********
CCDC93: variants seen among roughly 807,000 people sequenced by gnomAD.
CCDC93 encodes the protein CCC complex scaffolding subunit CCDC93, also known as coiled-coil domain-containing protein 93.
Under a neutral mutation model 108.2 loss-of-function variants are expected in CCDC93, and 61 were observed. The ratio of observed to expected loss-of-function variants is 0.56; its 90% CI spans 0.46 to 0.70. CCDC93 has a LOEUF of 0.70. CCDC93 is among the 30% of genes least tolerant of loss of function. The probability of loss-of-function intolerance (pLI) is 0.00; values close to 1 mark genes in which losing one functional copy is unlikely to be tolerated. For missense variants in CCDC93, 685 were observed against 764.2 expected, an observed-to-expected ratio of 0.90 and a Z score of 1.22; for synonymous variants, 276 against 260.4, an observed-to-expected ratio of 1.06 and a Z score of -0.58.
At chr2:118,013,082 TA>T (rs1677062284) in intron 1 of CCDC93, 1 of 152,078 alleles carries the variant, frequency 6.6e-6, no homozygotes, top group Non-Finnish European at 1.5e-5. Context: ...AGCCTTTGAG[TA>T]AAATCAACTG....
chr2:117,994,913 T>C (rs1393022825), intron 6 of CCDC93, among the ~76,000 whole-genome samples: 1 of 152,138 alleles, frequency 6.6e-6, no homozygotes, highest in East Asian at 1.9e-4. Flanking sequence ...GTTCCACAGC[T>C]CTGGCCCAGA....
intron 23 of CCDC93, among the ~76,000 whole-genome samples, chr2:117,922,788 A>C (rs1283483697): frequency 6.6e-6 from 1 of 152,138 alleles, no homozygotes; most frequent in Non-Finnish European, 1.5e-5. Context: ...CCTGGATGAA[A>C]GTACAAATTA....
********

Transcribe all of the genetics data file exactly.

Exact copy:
CCDC93: variants seen among roughly 807,000 people sequenced by gnomAD.
CCDC93 encodes the protein CCC complex scaffolding subunit CCDC93, also known as coiled-coil domain-containing protein 93.
Under a neutral mutation model 108.2 loss-of-function variants are expected in CCDC93, and 61 were observed. The ratio of observed to expected loss-of-function variants is 0.56; its 90% CI spans 0.46 to 0.70. CCDC93 has a LOEUF of 0.70. CCDC93 is among the 30% of genes least tolerant of loss of function. The probability of loss-of-function intolerance (pLI) is 0.00; values close to 1 mark genes in which losing one functional copy is unlikely to be tolerated. For missense variants in CCDC93, 685 were observed against 764.2 expected, an observed-to-expected ratio of 0.90 and a Z score of 1.22; for synonymous variants, 276 against 260.4, an observed-to-expected ratio of 1.06 and a Z score of -0.58.
At chr2:118,013,082 TA>T (rs1677062284) in intron 1 of CCDC93, 1 of 152,078 alleles carries the variant, frequency 6.6e-6, no homozygotes, top group Non-Finnish European at 1.5e-5. Context: ...AGCCTTTGAG[TA>T]AAATCAACTG....
chr2:117,994,913 T>C (rs1393022825), intron 6 of CCDC93, among the ~76,000 whole-genome samples: 1 of 152,138 alleles, frequency 6.6e-6, no homozygotes, highest in East Asian at 1.9e-4. Flanking sequence ...GTTCCACAGC[T>C]CTGGCCCAGA....
intron 23 of CCDC93, among the ~76,000 whole-genome samples, chr2:117,922,788 A>C (rs1283483697): frequency 6.6e-6 from 1 of 152,138 alleles, no homozygotes; most frequent in Non-Finnish European, 1.5e-5. Context: ...CCTGGATGAA[A>C]GTACAAATTA....